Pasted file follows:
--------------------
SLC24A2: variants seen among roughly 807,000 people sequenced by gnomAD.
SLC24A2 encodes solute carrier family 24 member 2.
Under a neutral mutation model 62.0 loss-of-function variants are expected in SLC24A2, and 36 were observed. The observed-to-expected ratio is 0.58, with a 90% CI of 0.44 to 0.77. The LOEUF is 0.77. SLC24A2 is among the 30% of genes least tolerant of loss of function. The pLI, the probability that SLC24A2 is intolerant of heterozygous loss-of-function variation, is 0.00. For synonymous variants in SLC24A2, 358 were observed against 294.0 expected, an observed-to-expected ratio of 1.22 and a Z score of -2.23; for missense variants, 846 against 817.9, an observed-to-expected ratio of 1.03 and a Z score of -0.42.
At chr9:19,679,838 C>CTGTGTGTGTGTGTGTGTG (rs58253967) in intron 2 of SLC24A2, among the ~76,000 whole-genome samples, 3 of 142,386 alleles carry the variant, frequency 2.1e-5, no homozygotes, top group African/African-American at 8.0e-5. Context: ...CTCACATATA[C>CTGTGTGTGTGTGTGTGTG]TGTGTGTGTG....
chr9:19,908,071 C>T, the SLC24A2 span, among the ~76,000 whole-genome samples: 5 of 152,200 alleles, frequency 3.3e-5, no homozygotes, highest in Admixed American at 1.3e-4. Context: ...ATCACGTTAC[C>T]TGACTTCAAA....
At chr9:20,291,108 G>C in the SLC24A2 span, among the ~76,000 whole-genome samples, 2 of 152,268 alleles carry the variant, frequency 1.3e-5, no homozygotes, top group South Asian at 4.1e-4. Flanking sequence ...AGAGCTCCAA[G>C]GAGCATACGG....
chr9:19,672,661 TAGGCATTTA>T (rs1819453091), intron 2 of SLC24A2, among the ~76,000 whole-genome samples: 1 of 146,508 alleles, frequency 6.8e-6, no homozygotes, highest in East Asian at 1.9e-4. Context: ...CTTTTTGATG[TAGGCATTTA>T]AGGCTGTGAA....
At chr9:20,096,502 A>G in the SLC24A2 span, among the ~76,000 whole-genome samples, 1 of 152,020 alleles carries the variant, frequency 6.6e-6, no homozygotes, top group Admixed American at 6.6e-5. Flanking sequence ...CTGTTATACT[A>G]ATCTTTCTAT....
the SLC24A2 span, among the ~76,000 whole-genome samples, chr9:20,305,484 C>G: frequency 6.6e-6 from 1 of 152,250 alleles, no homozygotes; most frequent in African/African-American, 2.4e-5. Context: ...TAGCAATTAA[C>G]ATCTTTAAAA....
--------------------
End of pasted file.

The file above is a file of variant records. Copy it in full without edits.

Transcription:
SLC24A2: variants seen among roughly 807,000 people sequenced by gnomAD.
SLC24A2 encodes solute carrier family 24 member 2.
Under a neutral mutation model 62.0 loss-of-function variants are expected in SLC24A2, and 36 were observed. The observed-to-expected ratio is 0.58, with a 90% CI of 0.44 to 0.77. The LOEUF is 0.77. SLC24A2 is among the 30% of genes least tolerant of loss of function. The pLI, the probability that SLC24A2 is intolerant of heterozygous loss-of-function variation, is 0.00. For synonymous variants in SLC24A2, 358 were observed against 294.0 expected, an observed-to-expected ratio of 1.22 and a Z score of -2.23; for missense variants, 846 against 817.9, an observed-to-expected ratio of 1.03 and a Z score of -0.42.
At chr9:19,679,838 C>CTGTGTGTGTGTGTGTGTG (rs58253967) in intron 2 of SLC24A2, among the ~76,000 whole-genome samples, 3 of 142,386 alleles carry the variant, frequency 2.1e-5, no homozygotes, top group African/African-American at 8.0e-5. Context: ...CTCACATATA[C>CTGTGTGTGTGTGTGTGTG]TGTGTGTGTG....
chr9:19,908,071 C>T, the SLC24A2 span, among the ~76,000 whole-genome samples: 5 of 152,200 alleles, frequency 3.3e-5, no homozygotes, highest in Admixed American at 1.3e-4. Context: ...ATCACGTTAC[C>T]TGACTTCAAA....
At chr9:20,291,108 G>C in the SLC24A2 span, among the ~76,000 whole-genome samples, 2 of 152,268 alleles carry the variant, frequency 1.3e-5, no homozygotes, top group South Asian at 4.1e-4. Flanking sequence ...AGAGCTCCAA[G>C]GAGCATACGG....
chr9:19,672,661 TAGGCATTTA>T (rs1819453091), intron 2 of SLC24A2, among the ~76,000 whole-genome samples: 1 of 146,508 alleles, frequency 6.8e-6, no homozygotes, highest in East Asian at 1.9e-4. Context: ...CTTTTTGATG[TAGGCATTTA>T]AGGCTGTGAA....
At chr9:20,096,502 A>G in the SLC24A2 span, among the ~76,000 whole-genome samples, 1 of 152,020 alleles carries the variant, frequency 6.6e-6, no homozygotes, top group Admixed American at 6.6e-5. Flanking sequence ...CTGTTATACT[A>G]ATCTTTCTAT....
the SLC24A2 span, among the ~76,000 whole-genome samples, chr9:20,305,484 C>G: frequency 6.6e-6 from 1 of 152,250 alleles, no homozygotes; most frequent in African/African-American, 2.4e-5. Context: ...TAGCAATTAA[C>G]ATCTTTAAAA....